Last year should have been the happiest one of Jemele Hill's life.
After working professionally as a sports journalist for 20 years and spending the last 11 steadily sharpening her skills at ESPN's sprawling campus in Bristol, Connecticut, the 42-year-old finally received the dream assignment. Hill and her cohost, Michael Smith, were hand-chosen to bring their personalities and the chemistry they displayed in their popular His & Hers sports program to SC6, the holy grail of SportsCenter's prime-time 6 P.M. spot.
Years of constantly proving herself to be just as capable, just as knowledgeable and just as eloquent as the men around her seemed to finally pay off. Even Black women who aren't sports fans recognized the enormity of this breakthrough moment.
Like many of us, she was never supposed to make it this far.
Born in Detroit, Hill was raised on welfare by a single mother who struggled with substance abuse. The one mainstay was her grandmother Naomi Webb, whom Hill calls her "rock." After taking a high school journalism class and serving as an apprentice at the Detroit Free Press, she was hooked. In 2006 she was hired as a columnist for ESPN.com, where she grew her fanbase and sealed the respect of ESPN's top brass, her coworkers and peers.
It appeared everything was going well until this past September when Hill sent a series of tweets, one of which said President Donald Trump is "the most ignorant, offensive president of my lifetime. His rise is a direct result of White supremacy. Period."
Although there are numerous examples that seem to illustrate this description (attesting that Mexican immigrants are rapists who contribute nothing but drugs and crime to our country, and laying the blame on "many sides" during the violent protests in Charlottesville, Virginia), Hill was lambasted by White House Press Secretary Sarah Huckabee Sanders, who said, "That is one of the more outrageous comments anyone could make and certainly something that I think is a fireable offense by ESPN."
The intersection of sports, race and politics is nothing new. In fact, it's even more poignant these days, as more athletes voice their concerns about the direction our country is going in. And while Hill was hired for her deft sports analysis, she certainly isn't the only journalist to publicly criticize the President. So why was she singled out?
"I have thought about that so many times because I wasn't the first person to say it," admits Hill with resolve, sitting in a conference room at ESPN headquarters. "There is factual evidence to support what I said, so I was very surprised by the reaction."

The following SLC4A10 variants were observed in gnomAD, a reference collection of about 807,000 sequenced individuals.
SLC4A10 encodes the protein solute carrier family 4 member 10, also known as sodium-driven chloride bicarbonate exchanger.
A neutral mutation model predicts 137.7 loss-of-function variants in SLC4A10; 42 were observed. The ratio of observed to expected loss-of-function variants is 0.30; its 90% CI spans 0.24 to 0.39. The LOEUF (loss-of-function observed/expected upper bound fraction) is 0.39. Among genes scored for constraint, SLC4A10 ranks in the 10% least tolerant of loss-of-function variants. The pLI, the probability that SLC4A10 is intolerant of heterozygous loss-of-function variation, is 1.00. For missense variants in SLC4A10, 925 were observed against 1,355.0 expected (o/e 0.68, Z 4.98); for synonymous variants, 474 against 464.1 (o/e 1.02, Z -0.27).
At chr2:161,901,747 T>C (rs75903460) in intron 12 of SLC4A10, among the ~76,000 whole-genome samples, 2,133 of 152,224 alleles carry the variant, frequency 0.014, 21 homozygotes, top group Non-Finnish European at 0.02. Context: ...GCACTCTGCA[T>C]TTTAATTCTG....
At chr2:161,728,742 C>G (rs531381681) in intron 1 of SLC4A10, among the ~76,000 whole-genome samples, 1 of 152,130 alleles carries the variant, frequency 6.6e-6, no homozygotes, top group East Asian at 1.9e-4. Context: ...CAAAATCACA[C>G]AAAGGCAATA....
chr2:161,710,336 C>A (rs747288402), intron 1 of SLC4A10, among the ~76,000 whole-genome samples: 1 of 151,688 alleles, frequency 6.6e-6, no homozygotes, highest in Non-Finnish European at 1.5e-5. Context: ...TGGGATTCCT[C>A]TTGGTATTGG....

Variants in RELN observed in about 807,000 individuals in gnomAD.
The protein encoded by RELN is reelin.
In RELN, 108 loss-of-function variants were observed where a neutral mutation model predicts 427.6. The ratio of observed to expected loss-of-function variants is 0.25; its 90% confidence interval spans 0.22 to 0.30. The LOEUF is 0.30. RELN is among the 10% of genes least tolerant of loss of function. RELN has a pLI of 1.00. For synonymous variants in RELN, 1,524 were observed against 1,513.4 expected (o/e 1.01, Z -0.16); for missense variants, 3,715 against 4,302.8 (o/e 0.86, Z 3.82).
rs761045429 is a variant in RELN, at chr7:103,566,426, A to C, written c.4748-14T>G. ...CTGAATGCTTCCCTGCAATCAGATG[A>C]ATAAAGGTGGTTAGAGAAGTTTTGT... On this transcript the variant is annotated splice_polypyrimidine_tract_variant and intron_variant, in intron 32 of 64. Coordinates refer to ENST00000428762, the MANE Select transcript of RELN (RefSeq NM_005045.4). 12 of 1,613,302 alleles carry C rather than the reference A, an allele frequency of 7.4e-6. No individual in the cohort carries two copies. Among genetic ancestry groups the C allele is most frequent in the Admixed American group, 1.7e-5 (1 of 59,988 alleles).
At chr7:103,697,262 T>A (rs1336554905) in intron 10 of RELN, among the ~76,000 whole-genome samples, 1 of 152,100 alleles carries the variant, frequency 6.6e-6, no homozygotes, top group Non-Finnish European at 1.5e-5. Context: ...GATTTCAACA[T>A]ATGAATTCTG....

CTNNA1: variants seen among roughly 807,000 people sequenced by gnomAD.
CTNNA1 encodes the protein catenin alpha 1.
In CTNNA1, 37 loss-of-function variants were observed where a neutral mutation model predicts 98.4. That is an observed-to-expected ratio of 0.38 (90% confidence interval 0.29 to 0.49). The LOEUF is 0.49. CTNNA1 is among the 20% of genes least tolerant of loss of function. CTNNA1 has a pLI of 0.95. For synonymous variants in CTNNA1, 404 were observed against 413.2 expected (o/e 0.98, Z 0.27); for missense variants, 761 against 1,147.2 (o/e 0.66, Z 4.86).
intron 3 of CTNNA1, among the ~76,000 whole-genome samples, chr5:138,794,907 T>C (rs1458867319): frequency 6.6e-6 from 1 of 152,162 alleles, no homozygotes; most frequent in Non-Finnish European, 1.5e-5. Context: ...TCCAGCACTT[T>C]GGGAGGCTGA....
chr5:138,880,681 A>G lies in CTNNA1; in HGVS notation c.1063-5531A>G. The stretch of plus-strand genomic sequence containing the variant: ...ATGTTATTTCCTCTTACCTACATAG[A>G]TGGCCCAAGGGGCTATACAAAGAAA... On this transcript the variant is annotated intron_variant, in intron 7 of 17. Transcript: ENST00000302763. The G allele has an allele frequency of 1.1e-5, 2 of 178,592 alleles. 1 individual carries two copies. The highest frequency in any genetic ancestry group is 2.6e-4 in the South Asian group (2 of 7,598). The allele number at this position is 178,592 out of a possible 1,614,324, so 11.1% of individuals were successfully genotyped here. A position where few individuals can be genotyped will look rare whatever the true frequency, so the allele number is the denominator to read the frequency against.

While she stands behind her statements, Hill does believe she was targeted by the White House because of where she works. After all, her role as a commentator at ESPN is to criticize the game, not our current leader. But, in a déjà vu moment, Hill found herself in the middle of another Twitter-induced firestorm just a few weeks later. This time her tweets were in response to a threat made by Dallas Cowboys owner Jerry Jones, who said he would bench any of his players disrespecting the American flag—a notion erroneously linked to several ballers who had recently knelt in protest during the national anthem.
Hill's tweet suggested that NFL fans boycott Jones's sponsors, citing that "change happens when advertisers are impacted." Her actions were in defiance of the social media policy of ESPN (which is owned by the Walt Disney Co.), and she was immediately suspended, sending shock waves throughout the country and the Web.
"While I don't believe in regrets, I believe there is an opportunity to learn from every situation, even if it's a painful one," says Hill. "My suspension was certainly awkward at times. I remember the first day walking into a restaurant and seeing myself on both Fox News and CNN. I'm used to being seen on ESPN, but to have people outside of the sports bubble talking about me as a walking think piece was weird. As is the case when you experience something difficult, you have to cling to those who love and support you the most."
At the top of that list is her cohost and confidant, Michael Smith, who, following the announcement of Hill's suspension, refused to appear on the SC6 broadcast without her. Her mentor, Johnette Howard, an award-winning author and sports columnist, immediately advised Hill simply to ignore the noise swirling around her.
"Jemele has been through some rough times and found herself at junctures in life where she had to choose who she is," says Howard, who has known Hill for more than 25 years. "When I first met her, I was struck by her obvious intelligence and sense of self-possession. Even then she knew who she was and she wasn't going to let the world distort her."
When it comes to sports commentary, Hill and Smith are at the forefront of what's fresh, authentic and exciting. This experience may have raised her public profile, but that was never her intention. Moving past the suspension and notoriety, Hill has a newfound desire to be even more true to herself as an individual, a Black woman and a professional.
"I have a firmer understanding of who I am. I have always been a self-aware person, but you don't know what you are made of until that test actually comes," says Hill. "Now I feel like I've gained clarity. When you are thrown into the fire in this kind of way, you figure out very quickly exactly what you're about."